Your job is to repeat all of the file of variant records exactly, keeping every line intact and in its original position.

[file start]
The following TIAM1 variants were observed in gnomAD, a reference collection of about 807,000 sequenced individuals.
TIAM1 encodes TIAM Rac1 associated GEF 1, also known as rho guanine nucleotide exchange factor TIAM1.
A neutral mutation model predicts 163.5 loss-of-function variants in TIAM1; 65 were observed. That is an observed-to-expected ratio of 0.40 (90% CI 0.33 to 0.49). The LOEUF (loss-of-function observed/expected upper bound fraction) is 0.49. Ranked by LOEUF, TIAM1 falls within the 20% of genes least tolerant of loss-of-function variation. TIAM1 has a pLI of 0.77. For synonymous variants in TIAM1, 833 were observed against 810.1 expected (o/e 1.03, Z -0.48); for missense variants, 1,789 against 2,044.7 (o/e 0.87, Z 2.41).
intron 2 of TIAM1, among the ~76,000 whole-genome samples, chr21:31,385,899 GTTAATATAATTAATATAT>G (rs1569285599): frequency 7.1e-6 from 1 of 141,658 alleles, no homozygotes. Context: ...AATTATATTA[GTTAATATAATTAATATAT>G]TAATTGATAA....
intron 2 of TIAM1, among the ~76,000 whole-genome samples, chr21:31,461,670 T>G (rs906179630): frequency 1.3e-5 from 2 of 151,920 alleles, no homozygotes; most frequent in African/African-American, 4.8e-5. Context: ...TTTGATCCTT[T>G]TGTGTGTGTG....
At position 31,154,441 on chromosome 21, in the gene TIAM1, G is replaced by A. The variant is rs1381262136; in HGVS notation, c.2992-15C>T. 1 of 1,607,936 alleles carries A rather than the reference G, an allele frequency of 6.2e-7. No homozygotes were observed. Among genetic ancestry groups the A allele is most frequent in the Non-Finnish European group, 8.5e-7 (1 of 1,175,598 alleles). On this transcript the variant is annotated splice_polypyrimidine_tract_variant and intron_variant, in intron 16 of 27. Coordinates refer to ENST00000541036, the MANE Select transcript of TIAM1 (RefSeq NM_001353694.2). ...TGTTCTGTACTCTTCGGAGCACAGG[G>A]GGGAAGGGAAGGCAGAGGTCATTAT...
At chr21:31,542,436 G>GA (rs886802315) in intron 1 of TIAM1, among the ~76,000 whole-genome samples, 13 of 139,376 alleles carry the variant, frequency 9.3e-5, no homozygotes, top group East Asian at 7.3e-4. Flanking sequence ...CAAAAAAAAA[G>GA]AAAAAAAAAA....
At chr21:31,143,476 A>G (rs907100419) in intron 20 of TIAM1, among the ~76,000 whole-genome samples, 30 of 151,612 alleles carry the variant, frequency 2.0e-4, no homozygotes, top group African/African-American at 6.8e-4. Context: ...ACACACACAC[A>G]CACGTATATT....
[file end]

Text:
The following TIAM1 variants were observed in gnomAD, a reference collection of about 807,000 sequenced individuals.
TIAM1 encodes TIAM Rac1 associated GEF 1, also known as rho guanine nucleotide exchange factor TIAM1.
A neutral mutation model predicts 163.5 loss-of-function variants in TIAM1; 65 were observed. That is an observed-to-expected ratio of 0.40 (90% CI 0.33 to 0.49). The LOEUF (loss-of-function observed/expected upper bound fraction) is 0.49. Ranked by LOEUF, TIAM1 falls within the 20% of genes least tolerant of loss-of-function variation. TIAM1 has a pLI of 0.77. For synonymous variants in TIAM1, 833 were observed against 810.1 expected (o/e 1.03, Z -0.48); for missense variants, 1,789 against 2,044.7 (o/e 0.87, Z 2.41).
intron 2 of TIAM1, among the ~76,000 whole-genome samples, chr21:31,385,899 GTTAATATAATTAATATAT>G (rs1569285599): frequency 7.1e-6 from 1 of 141,658 alleles, no homozygotes. Context: ...AATTATATTA[GTTAATATAATTAATATAT>G]TAATTGATAA....
intron 2 of TIAM1, among the ~76,000 whole-genome samples, chr21:31,461,670 T>G (rs906179630): frequency 1.3e-5 from 2 of 151,920 alleles, no homozygotes; most frequent in African/African-American, 4.8e-5. Context: ...TTTGATCCTT[T>G]TGTGTGTGTG....
At position 31,154,441 on chromosome 21, in the gene TIAM1, G is replaced by A. The variant is rs1381262136; in HGVS notation, c.2992-15C>T. 1 of 1,607,936 alleles carries A rather than the reference G, an allele frequency of 6.2e-7. No homozygotes were observed. Among genetic ancestry groups the A allele is most frequent in the Non-Finnish European group, 8.5e-7 (1 of 1,175,598 alleles). On this transcript the variant is annotated splice_polypyrimidine_tract_variant and intron_variant, in intron 16 of 27. Coordinates refer to ENST00000541036, the MANE Select transcript of TIAM1 (RefSeq NM_001353694.2). ...TGTTCTGTACTCTTCGGAGCACAGG[G>A]GGGAAGGGAAGGCAGAGGTCATTAT...
At chr21:31,542,436 G>GA (rs886802315) in intron 1 of TIAM1, among the ~76,000 whole-genome samples, 13 of 139,376 alleles carry the variant, frequency 9.3e-5, no homozygotes, top group East Asian at 7.3e-4. Flanking sequence ...CAAAAAAAAA[G>GA]AAAAAAAAAA....
At chr21:31,143,476 A>G (rs907100419) in intron 20 of TIAM1, among the ~76,000 whole-genome samples, 30 of 151,612 alleles carry the variant, frequency 2.0e-4, no homozygotes, top group African/African-American at 6.8e-4. Context: ...ACACACACAC[A>G]CACGTATATT....